Tips and advice for educators, parents and family members to help them support young people in processing their feelings, understanding what happened and thinking together about what to do next after the presidential election. http://www.adl.org/education-outreach/anti-bias-education/c/talking-with-young-people-after-the-election.html
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The Scout Report -- Volume 22, Number 42

The Scout Report -- Volume 22, Number 42 | Beyond the Stacks | Scoop.it
This week's Scout Report reviews the online resources listed below. Visit the Scout Report here: 
to read the detailed annotations of each resources and get direct links to the sites.

As U.S. citizens prepare to go to the polls on November 8th, we've decided to dedicate our biannual special edition of The Scout Report to the topic of voting. While U.S. presidential elections date back to 1789, the practice of voting in such elections has greatly changed as suffrage rights have expanded and new forms of technology and media have emerged. We include in this edition resources that examine such changes alongside those that provide insight and information into contemporary practices of voting, both in the United States and around the world.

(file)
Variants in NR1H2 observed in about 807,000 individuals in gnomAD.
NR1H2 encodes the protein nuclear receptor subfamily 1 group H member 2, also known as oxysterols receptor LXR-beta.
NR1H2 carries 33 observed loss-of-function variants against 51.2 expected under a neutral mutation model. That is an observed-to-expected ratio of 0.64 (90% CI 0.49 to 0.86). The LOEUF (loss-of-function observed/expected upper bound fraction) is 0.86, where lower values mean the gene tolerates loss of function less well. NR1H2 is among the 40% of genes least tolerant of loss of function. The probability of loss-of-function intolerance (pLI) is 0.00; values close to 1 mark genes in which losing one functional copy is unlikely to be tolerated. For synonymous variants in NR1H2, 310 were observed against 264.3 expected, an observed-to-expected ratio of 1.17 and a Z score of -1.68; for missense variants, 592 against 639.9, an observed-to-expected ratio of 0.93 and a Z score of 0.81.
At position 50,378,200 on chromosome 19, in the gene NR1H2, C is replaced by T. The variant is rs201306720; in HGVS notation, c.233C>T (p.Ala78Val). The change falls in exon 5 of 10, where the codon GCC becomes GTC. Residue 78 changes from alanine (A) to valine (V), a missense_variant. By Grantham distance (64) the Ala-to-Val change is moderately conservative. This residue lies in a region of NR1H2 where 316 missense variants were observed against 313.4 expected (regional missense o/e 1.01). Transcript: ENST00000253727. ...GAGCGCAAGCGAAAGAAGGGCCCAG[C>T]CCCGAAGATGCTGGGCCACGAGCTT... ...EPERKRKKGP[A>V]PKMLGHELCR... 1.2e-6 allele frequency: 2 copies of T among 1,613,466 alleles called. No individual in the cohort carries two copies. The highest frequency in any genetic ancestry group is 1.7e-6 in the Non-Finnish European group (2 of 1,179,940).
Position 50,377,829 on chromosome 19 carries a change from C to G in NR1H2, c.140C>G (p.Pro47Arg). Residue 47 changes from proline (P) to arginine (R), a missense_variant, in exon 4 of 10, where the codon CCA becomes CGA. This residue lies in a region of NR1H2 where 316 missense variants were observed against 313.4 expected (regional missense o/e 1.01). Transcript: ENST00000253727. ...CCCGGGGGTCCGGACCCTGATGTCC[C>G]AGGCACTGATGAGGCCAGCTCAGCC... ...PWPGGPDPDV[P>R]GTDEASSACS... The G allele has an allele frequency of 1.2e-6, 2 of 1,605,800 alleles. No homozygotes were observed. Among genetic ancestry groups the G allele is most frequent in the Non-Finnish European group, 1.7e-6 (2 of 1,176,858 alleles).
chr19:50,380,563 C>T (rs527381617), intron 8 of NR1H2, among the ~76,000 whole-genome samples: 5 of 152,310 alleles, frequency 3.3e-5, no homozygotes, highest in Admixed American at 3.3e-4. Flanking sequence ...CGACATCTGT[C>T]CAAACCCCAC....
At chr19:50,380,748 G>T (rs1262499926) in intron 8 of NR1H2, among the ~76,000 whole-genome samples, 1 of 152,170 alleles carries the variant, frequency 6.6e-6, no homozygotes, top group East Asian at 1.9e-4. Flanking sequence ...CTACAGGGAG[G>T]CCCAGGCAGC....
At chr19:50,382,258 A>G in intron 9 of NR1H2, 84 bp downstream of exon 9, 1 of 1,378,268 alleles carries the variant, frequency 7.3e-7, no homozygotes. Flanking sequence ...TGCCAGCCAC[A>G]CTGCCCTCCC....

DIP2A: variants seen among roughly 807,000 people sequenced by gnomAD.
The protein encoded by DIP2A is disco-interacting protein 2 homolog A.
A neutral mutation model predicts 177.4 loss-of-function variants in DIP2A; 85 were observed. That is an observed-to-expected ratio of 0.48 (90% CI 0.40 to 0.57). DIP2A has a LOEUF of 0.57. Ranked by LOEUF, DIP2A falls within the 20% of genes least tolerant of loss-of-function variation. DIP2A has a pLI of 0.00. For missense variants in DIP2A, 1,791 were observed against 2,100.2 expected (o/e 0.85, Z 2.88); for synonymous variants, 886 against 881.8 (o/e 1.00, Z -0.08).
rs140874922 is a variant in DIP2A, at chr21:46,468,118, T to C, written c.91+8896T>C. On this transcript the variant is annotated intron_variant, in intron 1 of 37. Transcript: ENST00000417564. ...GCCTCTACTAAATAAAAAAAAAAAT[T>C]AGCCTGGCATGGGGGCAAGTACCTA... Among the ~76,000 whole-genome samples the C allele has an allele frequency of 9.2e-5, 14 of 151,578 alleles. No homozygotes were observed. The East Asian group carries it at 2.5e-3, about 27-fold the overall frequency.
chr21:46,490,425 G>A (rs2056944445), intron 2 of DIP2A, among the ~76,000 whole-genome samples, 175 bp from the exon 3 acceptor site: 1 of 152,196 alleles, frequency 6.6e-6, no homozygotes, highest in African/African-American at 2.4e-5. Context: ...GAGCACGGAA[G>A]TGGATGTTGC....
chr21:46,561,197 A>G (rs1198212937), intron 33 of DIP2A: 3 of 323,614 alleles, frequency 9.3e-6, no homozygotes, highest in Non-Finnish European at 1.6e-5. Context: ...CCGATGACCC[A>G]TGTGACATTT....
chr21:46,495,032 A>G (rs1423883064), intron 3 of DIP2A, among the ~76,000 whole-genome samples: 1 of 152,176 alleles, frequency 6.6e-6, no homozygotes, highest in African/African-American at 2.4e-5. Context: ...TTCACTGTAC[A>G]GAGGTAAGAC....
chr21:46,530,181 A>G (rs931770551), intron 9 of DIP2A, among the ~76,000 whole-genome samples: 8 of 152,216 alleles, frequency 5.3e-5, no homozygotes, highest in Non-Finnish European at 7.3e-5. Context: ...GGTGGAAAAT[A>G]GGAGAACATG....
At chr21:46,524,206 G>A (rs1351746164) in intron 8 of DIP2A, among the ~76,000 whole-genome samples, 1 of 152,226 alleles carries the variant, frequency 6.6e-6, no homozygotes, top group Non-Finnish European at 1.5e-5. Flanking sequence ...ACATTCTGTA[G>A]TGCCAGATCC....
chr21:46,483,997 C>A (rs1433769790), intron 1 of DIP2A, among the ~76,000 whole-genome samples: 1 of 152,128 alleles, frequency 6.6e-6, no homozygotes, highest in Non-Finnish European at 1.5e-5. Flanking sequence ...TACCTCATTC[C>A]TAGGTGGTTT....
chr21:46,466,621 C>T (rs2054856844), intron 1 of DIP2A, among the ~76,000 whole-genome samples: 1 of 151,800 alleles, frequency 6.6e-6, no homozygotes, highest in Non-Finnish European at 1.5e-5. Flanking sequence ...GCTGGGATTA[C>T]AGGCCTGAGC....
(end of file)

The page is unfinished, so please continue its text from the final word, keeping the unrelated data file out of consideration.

History of Voting in the United States 
Creating the United States: Election of 1800 
History of U.S. Woman's Suffrage: Crusade for the Vote 
Teaching Tolerance: The Votings Rights Act, 1965 
The Fight to Vote: America's Turbulent 
Voting Rights History 

     The Electoral College and Polling 
NARA: Federal Register: U.S. Electoral College 
The Gilder Lehrman Institute for American History: Teaching Resources: Government and Civics 
FiveThirtyEight: 2016 Election Forecast 
Nature: The Polling Crisis: How to Tell What People Really Think 

     Election Ephemera 
Museum of the Moving Image: the Living Room 
Candidate Campaign Buttons Etc. 
Vote: The Machinery of Democracy